in deliberations. at the institution where I work. and if one wants to be effective through political dialogue (as opposed to through direct action. therefore.’’ I agree with Levinson’s concern that disadvantaged groups. 36. no. I have encountered several Black master’s students from countries such as Namibia. learning to master the Afrikaans language seems to be necessary if one wants to be an effective member of a deliberative conversation. there is a language of power. radical street theatre. Levinson.). even if afforded opportunities to engage in pedagogical conversations. 25. To address this question. boycotts. in every country and in every community. from the disadvantaged group’s point of view.24 It is in this regard that Levinson’s argument becomes quite apposite. 1 (2003): 27. Furthermore. 23. ‘‘Challenging Deliberation. Lesotho.WAGHID Action as an Educational Virtue 329 become full participants in deliberative engagement and thus more promising democratic citizens. One must learn how to listen to Afrikaans-speaking students and teachers. challenging. one must master and use that language.’’ 28.. considering that.’’22 This makes sense. Of course. Meira Levinson. ‘‘What do you mean?’’ thereby suggesting that the claims of the disadvantaged students were perhaps not comprehensible to more articulate students. Ibid. In deliberations that include students from disadvantaged groups. disadvantaged students (particularly those from Black Xhosa-speaking and Colored Afrikaans-speaking 22. the more advantaged groups — those that put forward arguments about the world that rest on premises generally accepted by others in these groups — seem to dominate. On the one hand.’’ Theory and Research in Education 1. ‘‘Challenging Deliberation. She proposes that students need to learn how to express themselves in terms that others would naturally understand: ‘‘To put it simply. in South Africa many Black students might claim that to question teachers or university professors would not be feasible. and Zimbabwe who are hesitant to challenge the views of professors. In such a case the deliberation is not likely to be substantively inclusive. are least likely to shape the deliberations. who challenges the idea of deliberation by arguing that disadvantaged groups — even if they participate fully — are ‘‘unlikely to be able to influence debate appropriately.’’25 Levinson’s account of the importance of mastering the language of power in one’s community and country particularly interests me. it is not likely to be legitimate. I shall draw on the work of Meira Levinson. . etc. since in traditional tribal communities authority remains unquestioned. given that they consider questioning. and debating to be salient features of deliberation. and. I have noticed that it is not unusual for more eloquent students to pose the question. 24. non-Afrikaans-speaking students and teachers must learn to express themselves in ways that others might find more palatable and easier to hear and understand. For instance. On the other hand. since there is a good chance that not everything they say will be ‘‘heard and understood. one might argue that more eloquent and articulate students have different experiences of the world and would invariably question some of the assumptions of disadvantaged students. regardless of how unappealing or confused their claims might appear on the surface.23 Members of advantaged groups might reject this idea as outrageous.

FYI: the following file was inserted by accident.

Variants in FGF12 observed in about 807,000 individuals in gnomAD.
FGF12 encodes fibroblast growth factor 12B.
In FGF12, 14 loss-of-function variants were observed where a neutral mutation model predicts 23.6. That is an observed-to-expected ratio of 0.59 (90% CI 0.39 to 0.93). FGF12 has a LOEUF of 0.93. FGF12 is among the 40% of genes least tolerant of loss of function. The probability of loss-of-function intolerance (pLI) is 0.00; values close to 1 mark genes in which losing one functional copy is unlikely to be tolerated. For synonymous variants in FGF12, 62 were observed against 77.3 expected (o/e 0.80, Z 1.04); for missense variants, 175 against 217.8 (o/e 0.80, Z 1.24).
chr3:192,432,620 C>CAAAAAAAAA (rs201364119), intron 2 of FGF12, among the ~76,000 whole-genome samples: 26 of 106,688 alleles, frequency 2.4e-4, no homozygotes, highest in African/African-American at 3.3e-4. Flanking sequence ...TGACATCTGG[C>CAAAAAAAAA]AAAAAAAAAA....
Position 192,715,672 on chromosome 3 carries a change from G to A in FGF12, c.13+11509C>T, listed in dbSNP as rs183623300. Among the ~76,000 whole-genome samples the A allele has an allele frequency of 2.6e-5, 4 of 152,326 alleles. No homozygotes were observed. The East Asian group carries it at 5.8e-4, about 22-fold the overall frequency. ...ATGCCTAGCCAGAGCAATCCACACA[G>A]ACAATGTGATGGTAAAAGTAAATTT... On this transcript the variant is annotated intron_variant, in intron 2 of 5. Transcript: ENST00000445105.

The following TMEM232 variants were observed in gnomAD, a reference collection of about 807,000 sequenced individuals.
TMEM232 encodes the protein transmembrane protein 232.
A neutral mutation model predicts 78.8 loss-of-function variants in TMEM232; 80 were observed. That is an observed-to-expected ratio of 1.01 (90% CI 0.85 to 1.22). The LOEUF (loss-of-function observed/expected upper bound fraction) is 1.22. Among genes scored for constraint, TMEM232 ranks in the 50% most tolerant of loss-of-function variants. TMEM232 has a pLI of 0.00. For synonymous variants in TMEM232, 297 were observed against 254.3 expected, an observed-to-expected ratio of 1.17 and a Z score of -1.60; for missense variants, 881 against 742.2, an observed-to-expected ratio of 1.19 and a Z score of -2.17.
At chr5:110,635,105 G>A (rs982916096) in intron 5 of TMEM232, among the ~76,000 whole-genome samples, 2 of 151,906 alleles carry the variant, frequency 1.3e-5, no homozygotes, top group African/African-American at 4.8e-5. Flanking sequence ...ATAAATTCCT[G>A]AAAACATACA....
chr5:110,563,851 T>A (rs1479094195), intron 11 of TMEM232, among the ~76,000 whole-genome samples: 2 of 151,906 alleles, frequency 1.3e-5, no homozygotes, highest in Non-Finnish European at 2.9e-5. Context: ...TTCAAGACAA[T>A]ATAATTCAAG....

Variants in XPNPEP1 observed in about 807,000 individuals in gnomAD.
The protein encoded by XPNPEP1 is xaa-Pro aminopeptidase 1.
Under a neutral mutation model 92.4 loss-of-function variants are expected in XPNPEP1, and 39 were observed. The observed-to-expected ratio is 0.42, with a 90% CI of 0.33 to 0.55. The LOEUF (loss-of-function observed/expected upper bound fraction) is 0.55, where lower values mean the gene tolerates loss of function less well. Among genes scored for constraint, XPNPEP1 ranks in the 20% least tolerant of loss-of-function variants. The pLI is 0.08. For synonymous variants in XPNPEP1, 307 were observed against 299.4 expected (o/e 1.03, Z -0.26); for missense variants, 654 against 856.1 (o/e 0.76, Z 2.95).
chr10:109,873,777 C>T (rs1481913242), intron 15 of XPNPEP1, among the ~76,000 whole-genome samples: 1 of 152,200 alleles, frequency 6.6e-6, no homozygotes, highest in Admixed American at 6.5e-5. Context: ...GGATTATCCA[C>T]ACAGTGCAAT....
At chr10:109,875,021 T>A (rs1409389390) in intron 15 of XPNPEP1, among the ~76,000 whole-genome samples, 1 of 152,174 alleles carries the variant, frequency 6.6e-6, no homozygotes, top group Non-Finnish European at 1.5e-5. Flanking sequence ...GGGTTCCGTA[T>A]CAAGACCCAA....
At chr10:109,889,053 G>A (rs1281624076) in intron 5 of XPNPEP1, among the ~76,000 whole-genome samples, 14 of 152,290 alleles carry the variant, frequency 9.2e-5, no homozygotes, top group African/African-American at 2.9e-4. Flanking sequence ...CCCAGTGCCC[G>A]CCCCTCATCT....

Deliberative argumentation through a language of power focuses on a particular kind of linguistic interchange among students and teachers: an exchange in which they listen to one another.330 E D U C AT I O N A L THEORY VOLUME 55 j NUMBER 3 j 2005 communities) should learn and speak what Levinson refers to as a ‘‘language of power’’ (in South Africa. lobbyists. where the likelihood of achieving reconciliation and social justice could be enhanced through mastering the indigenous languages of the previously racially oppressed and marginalized. Colored. learning and mastering a language of power could create the conditions necessary for nurturing relations of trust among deliberative participants. For this reason. First. not knowing a language of power would mean that the speakers could do little to ensure that their stories are told. multiracial. learning a language of power is important because it enables people to share good ideas about culture. not only in a linguistic sense. Community and Deliberation. the reconciliation process would be furthered if we made a higher priority of improving our communication with fellow South Africans (the majority of whom are Black). and organs of state power).’’ 28. I find this aspect of deliberative argumentation particularly interesting for two reasons. Of course. ‘‘Challenging Deliberation. In other words. including the previously disadvantaged majority — to cope with the stark realities of having partial information and misinformation disseminated through what Levinson refers to as ‘‘technologies of power’’ (the Internet. but also in terms of substance. The ideas disseminated through these technologies pose a challenge to our disadvantaged majority that I contend can be addressed by means of their learning a ‘‘language of power. For instance. society. a common language facilitates one’s ability to convey effectively the negative effects of poverty and famine to students who are perhaps not directly familiar with cases of hunger and suffering. A number of African students in my master’s seminars have noted that their lack of English-language skills hampers their articulation of a variety of religious. . genealogical. A language of power may enable students to articulate their points of view more persuasively and eloquently or to provide stronger justifications. In South Africa. no. this language is undoubtedly English) that is not intrinsically their own. learning a ‘‘language of power’’ should not occur at the expense of people having to acquire some understanding of the indigenous African cultures and ethnicities of the country’s majority population. One would not necessarily consider an African language a ‘‘language of power. By this I mean that what might (or might not) be considered a good idea by deliberative participants of a multicultural. and proverbial arguments and claims. 27. Second. acquiring a language of power (in this case. and offer reasons for their own judgments and actions. It builds confidence when all participants feel comfortable expressing themselves in a language (as ‘‘insiders. but it does not necessarily give them the ability to recognize and understand voices that are different from their own. 26. multiethnic.26 A valid question here is whether acquiring a language of power would necessarily transform students into better democratic citizens. certainly. the nightly news. and Indian students. ‘‘Freedom of Choice. 3 (2003): 407–409. mythical. Klas Roth. critically evaluate each others’ points of view.’’ Journal of Philosophy of Education 37. not knowing a language of power would in many ways undermine what stories (sometimes through folklore and ritualistic practices) they (African students) have to tell. learning a language of power is not without its dilemmas. who might otherwise not be familiar with indigenous cultures.’’ but there are compelling reasons to acquire such a language in a postapartheid society. English) could further widen the gap between Black students (the majority population group) and White.’’ although really ‘‘outsiders’’) that others understand and can respond to. Certainly. Like Levinson. The point of acquiring a language of power should be to enable (African) students to communicate their stories to others. In this way. and politics. the process of globalization has placed considerable demands on people — certainly all South Africans. most of whom have not mastered a Black indigenous language. or multireligious group needs to be made clear in a language they can all understand.27 This kind of exchange does not.’’ See Levinson. In addition.